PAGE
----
It has become the most talked about, and frankly I think the criticism is ridiculous. For the record I have a 2019 Slash 9.8, and previously spent a couple days on a 2019 aluminum 8 with the steeper seat tube angle. I can tell absolutely no difference and I'm guessing most others can't either. If you need your seat a little bit further forward, slide it forward on the rails and magically you have the same seated pedaling position as you would with a steeper seat tube angle.

This is a slack, 150/160, 29er, enduro racing smash machine built to go really fast downhill, but still pedal REASONABLY well back uphill. It's not a cross country race bike.
Then why did they steepen the seat tube angle on the Slash 8? Why is every other manufacturer going to steeper seat tube angles? I have my seat slammed as far forward as it will go. The bike still wanders on super steep climbs. This is with the flip chip in the high position. I'd still prefer an even steeper seat tube angle. I did not get as much wander on the same trails when I demoed a Ripmo.
 

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Then why did they steepen the seat tube angle on the Slash 8? Why is every other manufacturer going to steeper seat tube angles? I have my seat slammed as far forward as it will go. The bike still wanders on super steep climbs. This is with the flip chip in the high position. I'd still prefer an even steeper seat tube angle. I did not get as much wander on the same trails when I demoed a Ripmo.
This is a good discussion, and I don't doubt all that what you're saying is true and your bike is wandering on you. I just think that there are so many other factors that can play into that besides seat tube angle. Handlebar height, reach, natural body position, suspension sag all play a role in it, it isn't as simple as seat tube angle. If someone is riding a model that is the correct size for them, the seat is slammed forward on the rails, and they're still having issues, I think it's very unlikely that a steeper seat tube angle will make a significant difference.

I also think it's important to remember that a steeper seat tube angle simply puts the saddle closer to the handlebars, unless you want to put a longer stem on your bike to compensate and maintain that comfortable cockpit, which none of us are scrambling to do. So unless you plan to run a longer stem, you have to be willing to accept that a steeper seat tube angle is going to put your knees closer to your handlebars when you're seated.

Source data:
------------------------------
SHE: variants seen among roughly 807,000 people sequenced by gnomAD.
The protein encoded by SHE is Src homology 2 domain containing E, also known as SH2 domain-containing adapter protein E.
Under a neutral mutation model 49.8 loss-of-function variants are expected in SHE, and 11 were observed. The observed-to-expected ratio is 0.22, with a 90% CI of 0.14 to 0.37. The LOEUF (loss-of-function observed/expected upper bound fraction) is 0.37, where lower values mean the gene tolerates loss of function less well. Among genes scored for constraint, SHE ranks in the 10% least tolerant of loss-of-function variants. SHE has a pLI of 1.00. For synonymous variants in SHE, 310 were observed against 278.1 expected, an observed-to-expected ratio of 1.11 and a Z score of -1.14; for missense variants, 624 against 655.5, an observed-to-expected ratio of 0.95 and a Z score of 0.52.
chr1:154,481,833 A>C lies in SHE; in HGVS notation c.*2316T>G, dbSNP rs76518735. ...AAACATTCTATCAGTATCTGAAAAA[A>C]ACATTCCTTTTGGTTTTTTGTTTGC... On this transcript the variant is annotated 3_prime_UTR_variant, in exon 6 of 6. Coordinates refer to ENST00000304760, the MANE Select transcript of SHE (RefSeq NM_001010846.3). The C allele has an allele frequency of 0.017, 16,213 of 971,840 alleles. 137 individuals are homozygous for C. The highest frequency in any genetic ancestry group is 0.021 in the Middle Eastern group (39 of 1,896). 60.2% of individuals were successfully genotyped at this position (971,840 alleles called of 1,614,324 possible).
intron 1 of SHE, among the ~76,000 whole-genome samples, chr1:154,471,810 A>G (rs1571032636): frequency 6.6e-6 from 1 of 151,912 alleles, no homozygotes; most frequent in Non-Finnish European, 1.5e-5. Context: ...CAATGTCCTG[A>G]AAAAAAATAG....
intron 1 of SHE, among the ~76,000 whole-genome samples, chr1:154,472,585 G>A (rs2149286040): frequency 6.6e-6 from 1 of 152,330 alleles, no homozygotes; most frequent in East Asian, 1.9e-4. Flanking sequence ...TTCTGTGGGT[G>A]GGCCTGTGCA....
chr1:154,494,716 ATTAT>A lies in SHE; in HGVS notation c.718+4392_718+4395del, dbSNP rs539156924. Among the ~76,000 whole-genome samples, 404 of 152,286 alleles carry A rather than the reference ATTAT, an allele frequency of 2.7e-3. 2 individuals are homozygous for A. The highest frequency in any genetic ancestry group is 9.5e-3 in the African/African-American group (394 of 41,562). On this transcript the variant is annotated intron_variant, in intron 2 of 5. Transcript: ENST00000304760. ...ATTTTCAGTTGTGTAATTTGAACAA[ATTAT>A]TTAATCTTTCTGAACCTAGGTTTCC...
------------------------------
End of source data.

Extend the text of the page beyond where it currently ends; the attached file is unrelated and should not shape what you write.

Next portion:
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Discussion Starter · #13 ·
I think to do it correctly the whole bike needs to be designed around the steeper seat tube angle. If you look at the aluminum vs the carbon Slash, Trek only changed the seat tube angle. Therefore the effective top tube length went down by 10mm, so you are actually closer to the bars than you would be. I also think seat tube angle may matter more for longer legged riders. The further you have your seat out of the seat post, the further back over the rear wheel you are. I'm 6ft with a 34in inseam. I tried the XL and it just felt too big. So I went with a large, but need to have the seat pretty far up.
 

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I think to do it correctly the whole bike needs to be designed around the steeper seat tube angle. If you look at the aluminum vs the carbon Slash, Trek only changed the seat tube angle. Therefore the effective top tube length went down by 10mm, so you are actually closer to the bars than you would be. I also think seat tube angle may matter more for longer legged riders. The further you have your seat out of the seat post, the further back over the rear wheel you are. I'm 6ft with a 34in inseam. I tried the XL and it just felt too big. So I went with a large, but need to have the seat pretty far up.
That's a good point. I'm 5-10 and riding a 19.5, but I have a super long inseam for my height (also 34 inches), so I have a ton of seatpost sticking out as well.
 

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Kind of a bummer they are still pushing the RS/Trek thru-shaft. I found this shock to be seriously lackluster vs other options.
Best pedaling long-travel shock I've ever had. Suits me, since I'm using the Slash as a rugged trail bike (mostly moto and OHV trail stuff).

But when I really push it on downhill uber-chunk, the RS shock's limits are found.
 

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Thru shaft is cool in theory, but the DPX2/DHX2/X2 look to accomplish similar results.... sooooo much better.


Interestingly and anecdotally, someone at our store just took off their thru-shaft shock , bought a take off non thru-shaft version of the otherwise identical re:activ shock..... says it's way better. lol.